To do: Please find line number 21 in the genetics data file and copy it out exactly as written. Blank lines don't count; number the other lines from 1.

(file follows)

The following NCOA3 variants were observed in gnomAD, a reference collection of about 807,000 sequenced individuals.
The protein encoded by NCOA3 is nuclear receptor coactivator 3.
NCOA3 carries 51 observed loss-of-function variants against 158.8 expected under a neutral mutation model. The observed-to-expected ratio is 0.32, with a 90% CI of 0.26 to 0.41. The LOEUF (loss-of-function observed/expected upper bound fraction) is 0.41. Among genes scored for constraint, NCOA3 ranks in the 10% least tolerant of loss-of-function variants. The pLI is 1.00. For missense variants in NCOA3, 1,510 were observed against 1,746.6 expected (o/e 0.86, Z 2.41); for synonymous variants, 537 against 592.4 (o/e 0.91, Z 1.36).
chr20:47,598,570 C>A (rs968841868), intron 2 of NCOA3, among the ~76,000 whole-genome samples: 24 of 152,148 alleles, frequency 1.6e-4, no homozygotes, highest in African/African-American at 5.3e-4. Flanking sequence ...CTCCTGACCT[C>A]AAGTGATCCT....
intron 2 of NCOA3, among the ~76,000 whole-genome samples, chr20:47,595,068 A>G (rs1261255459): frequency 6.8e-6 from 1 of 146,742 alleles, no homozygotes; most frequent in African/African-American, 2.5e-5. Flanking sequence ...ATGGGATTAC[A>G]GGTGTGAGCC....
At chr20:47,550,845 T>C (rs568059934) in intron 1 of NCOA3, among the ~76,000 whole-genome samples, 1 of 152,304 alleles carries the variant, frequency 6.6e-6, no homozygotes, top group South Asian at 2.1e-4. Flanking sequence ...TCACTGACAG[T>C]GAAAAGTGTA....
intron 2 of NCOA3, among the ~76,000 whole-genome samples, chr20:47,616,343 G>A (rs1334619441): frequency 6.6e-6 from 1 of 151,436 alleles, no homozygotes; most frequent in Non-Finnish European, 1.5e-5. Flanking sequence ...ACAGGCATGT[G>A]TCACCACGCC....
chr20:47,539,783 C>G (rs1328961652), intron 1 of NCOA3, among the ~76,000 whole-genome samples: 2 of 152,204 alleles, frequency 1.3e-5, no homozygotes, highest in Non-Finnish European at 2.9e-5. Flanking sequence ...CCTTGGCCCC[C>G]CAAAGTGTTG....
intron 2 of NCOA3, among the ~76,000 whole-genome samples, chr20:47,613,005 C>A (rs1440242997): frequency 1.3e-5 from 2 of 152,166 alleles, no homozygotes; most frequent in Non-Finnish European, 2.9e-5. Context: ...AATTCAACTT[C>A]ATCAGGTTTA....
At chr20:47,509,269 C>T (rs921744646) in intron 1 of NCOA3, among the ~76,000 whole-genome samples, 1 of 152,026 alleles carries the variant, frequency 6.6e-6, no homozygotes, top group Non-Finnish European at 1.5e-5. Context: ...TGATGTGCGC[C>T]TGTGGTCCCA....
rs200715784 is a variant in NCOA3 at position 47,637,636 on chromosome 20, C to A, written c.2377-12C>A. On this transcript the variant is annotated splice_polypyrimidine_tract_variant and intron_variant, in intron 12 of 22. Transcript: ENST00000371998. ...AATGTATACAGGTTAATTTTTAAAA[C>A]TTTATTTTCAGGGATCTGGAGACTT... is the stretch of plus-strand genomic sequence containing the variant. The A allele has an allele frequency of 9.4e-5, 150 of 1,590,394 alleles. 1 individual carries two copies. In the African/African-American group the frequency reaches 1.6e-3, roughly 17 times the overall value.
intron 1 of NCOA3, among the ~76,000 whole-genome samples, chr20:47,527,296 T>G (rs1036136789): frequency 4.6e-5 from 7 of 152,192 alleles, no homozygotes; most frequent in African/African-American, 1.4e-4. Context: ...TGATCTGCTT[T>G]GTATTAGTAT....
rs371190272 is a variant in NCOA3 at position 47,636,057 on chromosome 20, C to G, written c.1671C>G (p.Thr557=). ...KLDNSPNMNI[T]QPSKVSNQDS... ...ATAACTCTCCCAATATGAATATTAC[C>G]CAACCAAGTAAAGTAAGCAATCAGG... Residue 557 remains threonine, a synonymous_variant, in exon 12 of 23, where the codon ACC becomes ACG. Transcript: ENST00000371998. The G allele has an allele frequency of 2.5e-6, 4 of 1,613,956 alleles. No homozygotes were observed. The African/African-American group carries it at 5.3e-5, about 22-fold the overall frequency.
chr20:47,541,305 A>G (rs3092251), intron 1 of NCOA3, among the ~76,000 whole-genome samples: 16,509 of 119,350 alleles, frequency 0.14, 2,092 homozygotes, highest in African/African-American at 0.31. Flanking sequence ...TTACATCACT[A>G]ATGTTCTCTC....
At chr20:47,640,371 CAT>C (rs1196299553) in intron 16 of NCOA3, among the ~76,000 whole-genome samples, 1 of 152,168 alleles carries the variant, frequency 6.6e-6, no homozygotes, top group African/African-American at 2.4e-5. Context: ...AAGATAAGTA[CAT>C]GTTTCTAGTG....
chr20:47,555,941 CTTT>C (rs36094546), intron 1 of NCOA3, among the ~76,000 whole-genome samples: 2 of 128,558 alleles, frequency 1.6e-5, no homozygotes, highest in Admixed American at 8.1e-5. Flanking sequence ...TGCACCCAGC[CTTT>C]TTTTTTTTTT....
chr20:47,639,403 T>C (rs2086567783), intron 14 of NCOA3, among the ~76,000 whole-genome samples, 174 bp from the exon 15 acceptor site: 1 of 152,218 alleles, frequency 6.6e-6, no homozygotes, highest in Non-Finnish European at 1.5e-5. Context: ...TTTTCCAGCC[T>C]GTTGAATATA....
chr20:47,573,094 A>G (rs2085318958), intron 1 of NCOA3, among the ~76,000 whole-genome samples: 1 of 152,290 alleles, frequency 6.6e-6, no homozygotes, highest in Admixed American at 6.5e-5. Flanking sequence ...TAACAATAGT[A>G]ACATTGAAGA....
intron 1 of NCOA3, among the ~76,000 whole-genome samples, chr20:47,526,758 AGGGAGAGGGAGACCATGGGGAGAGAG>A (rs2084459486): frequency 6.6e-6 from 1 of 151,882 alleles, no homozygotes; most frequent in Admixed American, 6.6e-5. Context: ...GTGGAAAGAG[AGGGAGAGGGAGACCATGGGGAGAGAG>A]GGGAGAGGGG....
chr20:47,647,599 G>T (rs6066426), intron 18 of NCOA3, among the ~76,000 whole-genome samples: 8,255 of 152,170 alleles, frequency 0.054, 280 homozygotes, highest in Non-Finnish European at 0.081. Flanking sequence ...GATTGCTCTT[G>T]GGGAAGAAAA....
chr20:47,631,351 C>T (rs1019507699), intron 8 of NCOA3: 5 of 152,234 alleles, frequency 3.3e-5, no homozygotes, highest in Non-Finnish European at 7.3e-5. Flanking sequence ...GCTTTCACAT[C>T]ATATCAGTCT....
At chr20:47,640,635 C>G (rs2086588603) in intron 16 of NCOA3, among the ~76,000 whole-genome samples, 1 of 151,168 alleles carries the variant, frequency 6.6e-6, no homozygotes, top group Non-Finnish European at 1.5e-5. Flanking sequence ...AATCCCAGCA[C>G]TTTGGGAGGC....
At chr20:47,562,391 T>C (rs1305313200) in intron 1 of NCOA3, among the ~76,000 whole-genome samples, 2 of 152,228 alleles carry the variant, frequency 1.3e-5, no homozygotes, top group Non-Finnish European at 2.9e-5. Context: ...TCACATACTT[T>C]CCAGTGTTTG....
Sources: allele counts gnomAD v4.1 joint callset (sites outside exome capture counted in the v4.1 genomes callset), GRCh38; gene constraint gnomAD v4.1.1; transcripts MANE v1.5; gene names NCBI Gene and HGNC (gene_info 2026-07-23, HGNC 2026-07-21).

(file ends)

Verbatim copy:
chr20:47,631,351 C>T (rs1019507699), intron 8 of NCOA3: 5 of 152,234 alleles, frequency 3.3e-5, no homozygotes, highest in Non-Finnish European at 7.3e-5. Flanking sequence ...GCTTTCACAT[C>T]ATATCAGTCT....